None of these people have *any* legal claim on ARP IP, and many might counter that they don't deserve any ethical credit at all, considering the poor choices made in the final years of ARP's existence.
There is no ARP IP. ARP has been out of business longer than IP even exists. Patents are in force for 20 years from the date of filing (ARP went out of business in 1981). The date of filing can precede the date of patent allowance by several years (I hold one or two patents which took more than five years to get allowed after filing). Once a patent has expired, it's fair game. That's the whole point of the patent concept -- it gives the inventor a LIMITED time to exploit the idea for their sole benefit.

All old Moog, ARP, KORG, Buchla -- it's all fair game, and there is absolutely nothing unethical or illegal in cloning it, selling it, or profiting from it.

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Re: Behringer: practices, ethics, morals and legitimacy.

Post by JayEm » Wed Feb 19, 2020 9:11 pm

KSS wrote:
Wed Feb 19, 2020 8:39 pm

But it would be equally unfair -and inaccurate- to presume that everything is fair game. It is not. Perhaps that's why you left Roland off your summary list..





Roland has taken steps in the last few decades to protect their IP where it could. While they never showed interest in rereleasing old gear, they did send C&D orders against numerous software companies who stepped on their toes visually speaking.
But their were several 303 "clones" before the X0XBox and those companies got along fine, probably because the actual guts of the machines were either different enough on the inside or the circuits themselves were never unique enough to patent.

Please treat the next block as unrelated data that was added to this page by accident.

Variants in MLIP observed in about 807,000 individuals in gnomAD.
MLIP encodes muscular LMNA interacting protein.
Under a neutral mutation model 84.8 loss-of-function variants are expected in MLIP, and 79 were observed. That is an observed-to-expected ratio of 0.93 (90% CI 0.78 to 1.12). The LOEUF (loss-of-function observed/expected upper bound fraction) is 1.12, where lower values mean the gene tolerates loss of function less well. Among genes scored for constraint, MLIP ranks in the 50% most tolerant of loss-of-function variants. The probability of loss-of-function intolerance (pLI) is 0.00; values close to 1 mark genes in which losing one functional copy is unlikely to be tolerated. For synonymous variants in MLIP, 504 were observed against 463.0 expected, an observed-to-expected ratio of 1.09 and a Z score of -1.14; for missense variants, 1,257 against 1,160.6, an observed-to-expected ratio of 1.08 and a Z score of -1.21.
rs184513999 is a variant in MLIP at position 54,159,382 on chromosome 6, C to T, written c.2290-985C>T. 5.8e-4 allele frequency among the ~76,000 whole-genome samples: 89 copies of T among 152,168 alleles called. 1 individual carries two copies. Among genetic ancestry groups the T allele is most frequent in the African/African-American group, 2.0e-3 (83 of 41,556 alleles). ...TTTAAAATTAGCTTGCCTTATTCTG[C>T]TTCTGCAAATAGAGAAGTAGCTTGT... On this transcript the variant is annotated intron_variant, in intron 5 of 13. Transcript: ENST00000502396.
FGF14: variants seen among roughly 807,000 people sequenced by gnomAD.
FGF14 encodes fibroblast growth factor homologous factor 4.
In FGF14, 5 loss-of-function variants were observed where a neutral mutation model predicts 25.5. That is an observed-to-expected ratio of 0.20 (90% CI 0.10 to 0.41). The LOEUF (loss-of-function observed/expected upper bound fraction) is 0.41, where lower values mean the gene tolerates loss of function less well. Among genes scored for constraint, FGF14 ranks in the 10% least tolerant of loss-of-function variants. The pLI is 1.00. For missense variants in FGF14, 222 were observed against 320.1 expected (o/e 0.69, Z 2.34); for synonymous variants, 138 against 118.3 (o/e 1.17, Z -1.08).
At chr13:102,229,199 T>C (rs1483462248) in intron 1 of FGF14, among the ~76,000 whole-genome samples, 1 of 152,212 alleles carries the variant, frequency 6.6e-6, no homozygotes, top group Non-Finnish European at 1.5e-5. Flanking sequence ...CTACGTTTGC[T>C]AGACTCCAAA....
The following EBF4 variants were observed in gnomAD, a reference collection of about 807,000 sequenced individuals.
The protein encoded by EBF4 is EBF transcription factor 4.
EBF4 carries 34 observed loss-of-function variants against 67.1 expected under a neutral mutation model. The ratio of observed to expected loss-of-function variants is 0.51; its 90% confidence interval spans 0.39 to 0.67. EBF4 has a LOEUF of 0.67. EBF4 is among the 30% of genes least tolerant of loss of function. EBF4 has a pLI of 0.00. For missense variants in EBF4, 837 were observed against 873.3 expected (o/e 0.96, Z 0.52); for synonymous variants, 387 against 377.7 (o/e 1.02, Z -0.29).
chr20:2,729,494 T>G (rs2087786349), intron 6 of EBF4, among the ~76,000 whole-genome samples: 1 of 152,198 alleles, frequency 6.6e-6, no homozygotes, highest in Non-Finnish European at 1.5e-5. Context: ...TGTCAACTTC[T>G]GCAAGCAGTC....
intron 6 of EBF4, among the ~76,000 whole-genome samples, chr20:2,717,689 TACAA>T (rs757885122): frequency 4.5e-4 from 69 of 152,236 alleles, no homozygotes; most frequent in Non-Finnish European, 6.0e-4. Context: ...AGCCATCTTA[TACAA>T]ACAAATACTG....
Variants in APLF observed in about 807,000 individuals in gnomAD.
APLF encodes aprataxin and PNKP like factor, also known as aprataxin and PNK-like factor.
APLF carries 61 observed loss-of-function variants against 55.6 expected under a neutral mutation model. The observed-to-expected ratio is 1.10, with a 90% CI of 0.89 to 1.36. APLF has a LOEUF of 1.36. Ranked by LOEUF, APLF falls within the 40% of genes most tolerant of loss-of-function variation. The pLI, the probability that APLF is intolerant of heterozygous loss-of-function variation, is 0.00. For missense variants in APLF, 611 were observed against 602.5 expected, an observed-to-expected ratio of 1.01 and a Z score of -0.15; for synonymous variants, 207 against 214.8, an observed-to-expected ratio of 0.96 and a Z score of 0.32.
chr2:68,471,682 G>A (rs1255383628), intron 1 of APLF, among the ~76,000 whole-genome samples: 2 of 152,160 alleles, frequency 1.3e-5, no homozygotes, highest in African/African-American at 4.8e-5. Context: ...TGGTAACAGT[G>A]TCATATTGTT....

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Re: Behringer: practices, ethics, morals and legitimacy.

Post by OIP » Thu Feb 20, 2020 12:47 am

"as we relentlessly continue to push the envelope" yeah right.

how about pushing the design envelope even just a tiny little bit rather than using the manufacturing resources of a massive company to make copies from existing schematics less impressive than committed lone DIYers have built in their garages.

maybe there will be a behringer synth worth cloning some day?

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Re: Behringer: practices, ethics, morals and legitimacy.

Post by synthetek » Thu Feb 20, 2020 2:12 am

JayEm wrote:
Wed Feb 19, 2020 9:11 pm
Roland has taken steps in the last few decades to protect their IP where it could. While they never showed interest in rereleasing old gear, they did send C&D orders against numerous software companies who stepped on their toes visually speaking.
But their were several 303 "clones" before the X0XBox and those companies got along fine, probably because the actual guts of the machines were either different enough on the inside or the circuits themselves were never unique enough to patent.
Roland doesn't seem to care as much about the circuits or whats inside the clones, they seem more worried about the image. Roland is still making machines that look like the 303 , 808, etc.. and they make shirts with the classic synths and use the likeness in the Roland cloud instruments.

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Re: Behringer: practices, ethics, morals and legitimacy.

Post by StillNotWorking » Thu Feb 20, 2020 4:16 am

Roland also protected they're sampled sound library whenever needed. Which is why B should have problem taking advantages of popular product names like Roland JD-990 or JD-800.